[adjective, noun ag-ri-git, -geyt; verb ag-ri-geyt]
  1. formed by the conjunction or collection of particulars into a whole mass or sum; total; combined: the aggregate amount of indebtedness.
  2. Botany.
    1. (of a flower) formed of florets collected in a dense cluster but not cohering, as the daisy.
    2. (of a fruit) composed of a cluster of carpels belonging to the same flower, as the raspberry.
  3. Geology. (of a rock) consisting of a mixture of minerals separable by mechanical means.
  1. a sum, mass, or assemblage of particulars; a total or gross amount: the aggregate of all past experience.
  2. a cluster of soil granules not larger than a small crumb.
  3. any of various loose, particulate materials, as sand, gravel, or pebbles, added to a cementing agent to make concrete, plaster, etc.
  4. Mathematics. set(def 92).
verb (used with object), ag·gre·gat·ed, ag·gre·gat·ing.
  1. to bring together; collect into one sum, mass, or body.
  2. to amount to (the number of): The guns captured will aggregate five or six hundred.
verb (used without object), ag·gre·gat·ed, ag·gre·gat·ing.
  1. to combine and form a collection or mass.
  1. in the aggregate, taken or considered as a whole: In the aggregate, our losses have been relatively small.

Origin of aggregate

1375–1425; late Middle English < Latin aggregātus (past participle of aggregāre), equivalent to ag- ag- + greg- (stem of grex flock) + -ātus -ate1
Related formsag·gre·ga·ble [ag-ri-guh-buhl] /ˈæg rɪ gə bəl/, adjectiveag·gre·gate·ly, adjectiveag·gre·gate·ness, nounag·gre·ga·to·ry [ag-ri-guh-tawr-ee, -tohr-ee] /ˈæg rɪ gəˌtɔr i, -ˌtoʊr i/, adjectivehy·per·ag·gre·gate, verb, hy·per·ag·gre·gat·ed, hy·per·ag·gre·gat··ag·gre·gate, verb, re·ag·gre·gat·ed, re·ag·gre·gat·ing.sub·ag·gre·gate, adjective, nounsub·ag·gre·gate·ly, adverbun·ag·gre·gat·ed, adjective

Synonyms for aggregate Unabridged Based on the Random House Unabridged Dictionary, © Random House, Inc. 2018

Examples from the Web for aggregable

Historical Examples of aggregable

British Dictionary definitions for aggregable


adjective (ˈæɡrɪɡɪt, -ˌɡeɪt)
  1. formed of separate units collected into a whole; collective; corporate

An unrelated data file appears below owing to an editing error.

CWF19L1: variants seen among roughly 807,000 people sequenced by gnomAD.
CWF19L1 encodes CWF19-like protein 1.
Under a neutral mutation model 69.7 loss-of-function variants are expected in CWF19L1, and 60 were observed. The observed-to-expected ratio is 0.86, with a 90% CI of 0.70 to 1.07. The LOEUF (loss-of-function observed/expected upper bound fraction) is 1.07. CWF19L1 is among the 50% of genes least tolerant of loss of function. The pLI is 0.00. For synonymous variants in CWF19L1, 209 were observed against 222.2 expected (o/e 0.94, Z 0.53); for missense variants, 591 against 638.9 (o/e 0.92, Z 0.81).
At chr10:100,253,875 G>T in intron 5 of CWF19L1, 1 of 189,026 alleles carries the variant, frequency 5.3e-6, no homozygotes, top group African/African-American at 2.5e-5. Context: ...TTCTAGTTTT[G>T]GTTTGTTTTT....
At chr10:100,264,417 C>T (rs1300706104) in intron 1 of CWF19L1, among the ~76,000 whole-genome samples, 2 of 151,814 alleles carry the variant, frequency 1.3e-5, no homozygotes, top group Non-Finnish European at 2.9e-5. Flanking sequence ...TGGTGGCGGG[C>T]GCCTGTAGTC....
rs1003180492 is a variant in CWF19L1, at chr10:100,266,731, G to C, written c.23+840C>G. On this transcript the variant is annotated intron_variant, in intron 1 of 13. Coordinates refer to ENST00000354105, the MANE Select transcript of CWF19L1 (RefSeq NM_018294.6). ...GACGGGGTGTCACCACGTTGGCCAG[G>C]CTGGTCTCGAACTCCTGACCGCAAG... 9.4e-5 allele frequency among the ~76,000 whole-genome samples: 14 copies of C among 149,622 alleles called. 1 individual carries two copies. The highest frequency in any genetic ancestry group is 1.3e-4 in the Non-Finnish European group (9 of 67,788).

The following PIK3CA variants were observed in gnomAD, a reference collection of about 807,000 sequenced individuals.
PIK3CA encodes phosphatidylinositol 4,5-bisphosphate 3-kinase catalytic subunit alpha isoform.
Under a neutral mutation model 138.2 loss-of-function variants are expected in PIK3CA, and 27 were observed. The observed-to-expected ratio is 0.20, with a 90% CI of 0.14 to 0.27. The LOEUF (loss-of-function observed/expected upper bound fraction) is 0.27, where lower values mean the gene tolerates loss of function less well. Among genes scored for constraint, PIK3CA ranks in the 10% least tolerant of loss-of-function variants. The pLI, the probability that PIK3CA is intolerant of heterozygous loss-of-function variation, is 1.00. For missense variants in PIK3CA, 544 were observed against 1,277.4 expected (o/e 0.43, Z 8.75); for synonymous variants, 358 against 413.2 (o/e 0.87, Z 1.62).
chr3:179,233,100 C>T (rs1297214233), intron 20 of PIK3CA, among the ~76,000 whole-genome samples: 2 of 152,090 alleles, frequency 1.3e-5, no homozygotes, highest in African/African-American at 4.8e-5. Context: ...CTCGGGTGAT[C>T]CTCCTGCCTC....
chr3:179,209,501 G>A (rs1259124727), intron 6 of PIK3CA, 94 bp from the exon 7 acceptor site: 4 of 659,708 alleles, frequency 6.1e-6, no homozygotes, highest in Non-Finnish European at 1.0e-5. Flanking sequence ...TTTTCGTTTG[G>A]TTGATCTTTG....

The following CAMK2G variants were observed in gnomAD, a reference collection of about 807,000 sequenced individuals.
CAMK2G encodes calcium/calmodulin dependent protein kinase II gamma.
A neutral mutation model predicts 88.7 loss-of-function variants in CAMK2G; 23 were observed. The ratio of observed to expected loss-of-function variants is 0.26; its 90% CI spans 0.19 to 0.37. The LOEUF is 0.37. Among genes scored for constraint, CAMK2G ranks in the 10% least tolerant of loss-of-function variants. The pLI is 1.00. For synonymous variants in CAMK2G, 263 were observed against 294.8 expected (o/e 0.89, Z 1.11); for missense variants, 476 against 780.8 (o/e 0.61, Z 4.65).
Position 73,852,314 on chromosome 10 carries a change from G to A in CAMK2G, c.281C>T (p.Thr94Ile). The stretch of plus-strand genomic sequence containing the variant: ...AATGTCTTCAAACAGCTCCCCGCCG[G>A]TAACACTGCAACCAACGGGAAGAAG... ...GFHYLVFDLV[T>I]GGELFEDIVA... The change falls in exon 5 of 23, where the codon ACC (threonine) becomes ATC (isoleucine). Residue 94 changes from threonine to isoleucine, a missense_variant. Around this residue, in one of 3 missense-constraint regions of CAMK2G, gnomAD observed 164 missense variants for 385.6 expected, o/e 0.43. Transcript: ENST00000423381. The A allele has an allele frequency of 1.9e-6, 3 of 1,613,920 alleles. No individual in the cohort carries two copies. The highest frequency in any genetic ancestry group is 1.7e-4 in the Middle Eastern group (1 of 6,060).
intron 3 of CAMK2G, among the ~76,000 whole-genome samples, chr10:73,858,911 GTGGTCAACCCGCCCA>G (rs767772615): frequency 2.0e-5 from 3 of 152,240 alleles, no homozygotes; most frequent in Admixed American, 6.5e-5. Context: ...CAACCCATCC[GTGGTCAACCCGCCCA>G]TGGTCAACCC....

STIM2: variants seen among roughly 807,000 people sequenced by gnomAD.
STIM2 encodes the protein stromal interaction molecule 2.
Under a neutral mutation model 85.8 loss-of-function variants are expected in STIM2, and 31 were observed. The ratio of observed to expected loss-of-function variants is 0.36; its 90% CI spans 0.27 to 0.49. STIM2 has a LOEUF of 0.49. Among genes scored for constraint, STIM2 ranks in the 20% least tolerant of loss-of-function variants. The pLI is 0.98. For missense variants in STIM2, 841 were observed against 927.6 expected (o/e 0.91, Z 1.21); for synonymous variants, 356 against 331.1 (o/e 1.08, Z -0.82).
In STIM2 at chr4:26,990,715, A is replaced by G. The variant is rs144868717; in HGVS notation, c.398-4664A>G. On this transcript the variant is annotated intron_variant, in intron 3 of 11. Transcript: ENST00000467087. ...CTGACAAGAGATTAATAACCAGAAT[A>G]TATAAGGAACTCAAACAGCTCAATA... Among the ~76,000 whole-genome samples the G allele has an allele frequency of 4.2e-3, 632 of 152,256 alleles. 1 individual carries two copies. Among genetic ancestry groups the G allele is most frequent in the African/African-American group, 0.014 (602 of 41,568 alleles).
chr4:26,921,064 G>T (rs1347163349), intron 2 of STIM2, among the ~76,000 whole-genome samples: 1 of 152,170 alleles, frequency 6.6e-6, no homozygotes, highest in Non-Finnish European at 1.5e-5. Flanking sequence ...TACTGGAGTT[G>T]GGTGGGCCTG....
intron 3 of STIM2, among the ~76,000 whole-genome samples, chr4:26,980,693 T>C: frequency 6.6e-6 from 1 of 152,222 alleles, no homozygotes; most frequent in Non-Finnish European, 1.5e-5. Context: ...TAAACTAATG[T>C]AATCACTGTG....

2. (of fruits and flowers) composed of a dense cluster of carpels or florets
noun (ˈæɡrɪɡɪt, -ˌɡeɪt)
  1. a sum or assemblage of many separate units; sum total
  2. geology a rock, such as granite, consisting of a mixture of minerals
  3. the sand and stone mixed with cement and water to make concrete
  4. a group of closely related biotypes produced by apomixis, such as brambles, which are the Rubus fruticosus aggregate
  5. in the aggregate taken as a whole
verb (ˈæɡrɪˌɡeɪt)
  1. to combine or be combined into a body, etc
  2. (tr) to amount to (a number)
Derived Formsaggregately, adverbaggregative (ˈæɡrɪˌɡeɪtɪv), adjective

Word Origin for aggregate

C16: from Latin aggregāre to add to a flock or herd, attach (oneself) to, from grex flock
Collins English Dictionary - Complete & Unabridged 2012 Digital Edition © William Collins Sons & Co. Ltd. 1979, 1986 © HarperCollins Publishers 1998, 2000, 2003, 2005, 2006, 2007, 2009, 2012

Word Origin and History for aggregable



c.1400, from Latin aggregatum, neuter past participle of aggregare (see aggregate (adj.)). Related: Aggregated; aggregating.



"number of persons, things, etc., regarded as a unit," early 15c., from noun use of Latin adjective aggregatum, neuter of aggregatus (see aggregate (adj.)).



c.1400, from Latin aggregatus "associated," literally "united in a flock," past participle of aggregare "add to (a flock), lead to a flock, bring together (in a flock)," from ad- "to" (see ad-) + gregare "herd" (see gregarious).

Online Etymology Dictionary, © 2010 Douglas Harper

aggregable in Medicine


  1. Crowded or massed into a dense cluster.
  1. A total considered with reference to its constituent parts; a gross amount in a mass or cluster.
  1. To gather into a mass, sum, or whole.
The American Heritage® Stedman's Medical Dictionary Copyright © 2002, 2001, 1995 by Houghton Mifflin Company. Published by Houghton Mifflin Company.